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America’s Transportation History is Full of Mistakes. Let’s Not Make Another One.

Instead of battling it out, cities and private mobility companies have an opportunity to work together and lay the foundation for a multimodal future.
Traffic on Interstate 25 outside Denver, Colorado.
Traffic on Interstate 25 outside Denver, Colorado.David Zalubowski/AP

Public-private partnerships can create monumental change in transportation. In the early 1930s, General Motors and the American Automobile Association formed a coalition called the National Highway Users Conference. Private car ownership was still in its relative infancy, and automakers wanted to ensure that motorists had a bigger role to play in the nation’s transportation future. So the group helped convince the federal government to publicly fund a network of free high-speed roads—48,000 miles of interstate highway—to span the major cities of the United States. Hundreds of torn-apart communities and 263.6 million registered vehicles later, we continue to reap this system’s benefits and grapple with the serious consequences for equity in our cities and our environment.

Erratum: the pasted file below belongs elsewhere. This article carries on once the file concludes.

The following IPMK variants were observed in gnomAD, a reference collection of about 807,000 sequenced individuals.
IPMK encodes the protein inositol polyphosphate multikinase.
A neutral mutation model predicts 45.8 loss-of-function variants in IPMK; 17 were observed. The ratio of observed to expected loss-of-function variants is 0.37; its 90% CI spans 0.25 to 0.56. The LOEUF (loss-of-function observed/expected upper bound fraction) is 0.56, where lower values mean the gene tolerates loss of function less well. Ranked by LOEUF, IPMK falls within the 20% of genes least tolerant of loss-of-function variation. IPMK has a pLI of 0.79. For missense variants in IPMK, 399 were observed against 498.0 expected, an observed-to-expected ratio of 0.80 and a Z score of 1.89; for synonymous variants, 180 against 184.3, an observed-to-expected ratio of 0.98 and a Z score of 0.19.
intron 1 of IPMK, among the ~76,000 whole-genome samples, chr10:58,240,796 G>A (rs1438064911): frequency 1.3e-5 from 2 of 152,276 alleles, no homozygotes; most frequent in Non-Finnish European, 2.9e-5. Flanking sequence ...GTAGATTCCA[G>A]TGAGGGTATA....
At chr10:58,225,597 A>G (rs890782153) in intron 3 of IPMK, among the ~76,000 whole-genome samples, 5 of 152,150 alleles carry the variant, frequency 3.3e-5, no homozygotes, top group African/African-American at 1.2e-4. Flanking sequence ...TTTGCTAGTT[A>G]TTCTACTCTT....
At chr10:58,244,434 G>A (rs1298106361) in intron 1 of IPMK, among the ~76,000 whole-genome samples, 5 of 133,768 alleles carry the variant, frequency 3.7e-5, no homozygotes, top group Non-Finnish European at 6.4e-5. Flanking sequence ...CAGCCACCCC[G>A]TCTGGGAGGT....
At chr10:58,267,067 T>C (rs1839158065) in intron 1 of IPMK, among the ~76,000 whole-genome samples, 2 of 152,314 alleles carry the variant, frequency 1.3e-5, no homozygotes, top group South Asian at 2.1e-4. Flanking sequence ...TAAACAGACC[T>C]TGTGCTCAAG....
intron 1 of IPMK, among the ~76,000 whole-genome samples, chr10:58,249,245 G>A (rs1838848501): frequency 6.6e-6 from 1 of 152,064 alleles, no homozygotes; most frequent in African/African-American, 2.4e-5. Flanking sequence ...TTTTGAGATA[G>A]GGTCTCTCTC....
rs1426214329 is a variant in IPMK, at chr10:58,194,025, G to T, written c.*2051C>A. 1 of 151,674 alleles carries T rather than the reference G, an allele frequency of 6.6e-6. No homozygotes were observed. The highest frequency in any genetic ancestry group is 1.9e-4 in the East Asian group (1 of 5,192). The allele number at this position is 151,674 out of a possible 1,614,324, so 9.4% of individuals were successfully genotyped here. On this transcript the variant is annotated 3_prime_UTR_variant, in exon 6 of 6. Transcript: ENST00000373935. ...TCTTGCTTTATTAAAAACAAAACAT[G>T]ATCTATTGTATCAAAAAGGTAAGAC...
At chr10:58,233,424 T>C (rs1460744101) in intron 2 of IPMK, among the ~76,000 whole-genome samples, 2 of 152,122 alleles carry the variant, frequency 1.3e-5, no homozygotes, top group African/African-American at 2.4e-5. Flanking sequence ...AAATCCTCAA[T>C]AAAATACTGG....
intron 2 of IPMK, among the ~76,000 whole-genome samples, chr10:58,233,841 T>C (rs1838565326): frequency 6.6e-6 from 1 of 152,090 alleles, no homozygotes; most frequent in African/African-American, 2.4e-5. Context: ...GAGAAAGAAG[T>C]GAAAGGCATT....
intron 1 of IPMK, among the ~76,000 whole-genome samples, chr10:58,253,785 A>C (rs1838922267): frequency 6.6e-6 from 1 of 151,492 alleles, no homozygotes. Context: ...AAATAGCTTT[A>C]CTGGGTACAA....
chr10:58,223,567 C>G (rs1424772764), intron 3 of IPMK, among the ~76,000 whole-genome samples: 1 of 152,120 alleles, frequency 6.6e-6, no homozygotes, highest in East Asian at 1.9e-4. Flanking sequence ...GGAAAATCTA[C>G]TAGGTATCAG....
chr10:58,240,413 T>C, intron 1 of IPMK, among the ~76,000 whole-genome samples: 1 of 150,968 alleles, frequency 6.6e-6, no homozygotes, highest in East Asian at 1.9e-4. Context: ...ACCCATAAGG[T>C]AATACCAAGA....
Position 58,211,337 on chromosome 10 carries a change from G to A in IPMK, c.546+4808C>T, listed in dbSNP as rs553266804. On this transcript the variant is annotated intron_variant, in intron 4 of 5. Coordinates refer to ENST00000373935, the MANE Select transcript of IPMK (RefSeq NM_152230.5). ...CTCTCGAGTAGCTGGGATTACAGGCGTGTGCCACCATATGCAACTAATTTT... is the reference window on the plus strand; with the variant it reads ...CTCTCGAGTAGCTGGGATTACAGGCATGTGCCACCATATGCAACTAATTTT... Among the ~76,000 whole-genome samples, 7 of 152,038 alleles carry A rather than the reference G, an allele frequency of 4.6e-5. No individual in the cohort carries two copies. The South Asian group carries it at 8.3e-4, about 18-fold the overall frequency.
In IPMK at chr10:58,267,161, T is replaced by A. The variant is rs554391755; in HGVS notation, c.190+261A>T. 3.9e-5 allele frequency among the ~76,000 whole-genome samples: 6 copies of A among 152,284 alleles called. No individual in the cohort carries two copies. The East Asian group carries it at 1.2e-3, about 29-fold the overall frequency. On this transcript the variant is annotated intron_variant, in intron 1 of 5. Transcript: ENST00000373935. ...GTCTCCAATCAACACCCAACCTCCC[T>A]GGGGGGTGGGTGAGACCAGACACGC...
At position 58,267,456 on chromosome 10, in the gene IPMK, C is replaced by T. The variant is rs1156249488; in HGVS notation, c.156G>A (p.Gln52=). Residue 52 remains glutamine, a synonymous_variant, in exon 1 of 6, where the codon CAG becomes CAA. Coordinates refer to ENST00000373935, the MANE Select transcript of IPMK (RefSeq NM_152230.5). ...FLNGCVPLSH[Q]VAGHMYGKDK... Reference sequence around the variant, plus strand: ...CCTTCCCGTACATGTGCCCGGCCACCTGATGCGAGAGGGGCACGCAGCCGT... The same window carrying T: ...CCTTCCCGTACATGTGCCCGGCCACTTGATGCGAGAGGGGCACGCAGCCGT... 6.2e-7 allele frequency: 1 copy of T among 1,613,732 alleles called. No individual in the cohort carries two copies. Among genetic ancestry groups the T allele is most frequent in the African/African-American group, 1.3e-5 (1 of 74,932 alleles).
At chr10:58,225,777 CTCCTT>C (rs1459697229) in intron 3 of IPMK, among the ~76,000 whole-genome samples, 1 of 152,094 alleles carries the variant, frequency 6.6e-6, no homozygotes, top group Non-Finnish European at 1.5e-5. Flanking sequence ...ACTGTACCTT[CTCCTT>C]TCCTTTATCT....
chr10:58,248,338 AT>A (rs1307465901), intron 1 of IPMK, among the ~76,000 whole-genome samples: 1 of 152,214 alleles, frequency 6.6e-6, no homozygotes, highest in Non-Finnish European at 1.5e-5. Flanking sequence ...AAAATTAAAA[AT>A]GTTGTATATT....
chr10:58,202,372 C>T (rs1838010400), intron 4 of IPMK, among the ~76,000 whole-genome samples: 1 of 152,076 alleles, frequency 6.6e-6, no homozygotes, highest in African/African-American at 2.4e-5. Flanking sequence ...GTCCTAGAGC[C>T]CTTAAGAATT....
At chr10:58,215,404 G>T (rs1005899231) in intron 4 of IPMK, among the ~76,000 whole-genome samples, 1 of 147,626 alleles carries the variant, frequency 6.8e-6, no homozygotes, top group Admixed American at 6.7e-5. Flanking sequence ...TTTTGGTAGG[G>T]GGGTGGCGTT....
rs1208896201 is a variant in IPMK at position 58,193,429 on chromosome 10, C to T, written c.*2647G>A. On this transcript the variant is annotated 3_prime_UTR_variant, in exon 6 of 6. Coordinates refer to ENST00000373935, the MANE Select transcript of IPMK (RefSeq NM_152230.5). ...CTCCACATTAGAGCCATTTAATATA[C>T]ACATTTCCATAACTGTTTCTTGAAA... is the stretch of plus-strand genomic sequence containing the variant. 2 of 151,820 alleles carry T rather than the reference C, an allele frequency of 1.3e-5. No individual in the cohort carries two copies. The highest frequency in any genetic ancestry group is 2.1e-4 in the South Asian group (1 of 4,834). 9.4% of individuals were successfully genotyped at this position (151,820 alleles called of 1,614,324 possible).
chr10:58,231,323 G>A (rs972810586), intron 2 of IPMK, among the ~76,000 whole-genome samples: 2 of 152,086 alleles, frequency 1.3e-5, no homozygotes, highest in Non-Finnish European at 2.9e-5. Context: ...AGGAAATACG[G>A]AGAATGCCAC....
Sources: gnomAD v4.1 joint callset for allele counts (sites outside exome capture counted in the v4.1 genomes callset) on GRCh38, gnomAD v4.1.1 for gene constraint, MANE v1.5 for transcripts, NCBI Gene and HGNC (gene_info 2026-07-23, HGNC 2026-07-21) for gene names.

Today, the auto-centric reality is facing disruption. New mobility services are appearing on city streets every day, including electric bikes, scooters, autonomous shuttles, and more. “We’re in a Cambrian explosion” of new transportation modes, says Emily Castor Warren, the former senior director of policy at both Lyft and Lime. “Despite that, the 900-pound gorilla of private car ownership still dominates.”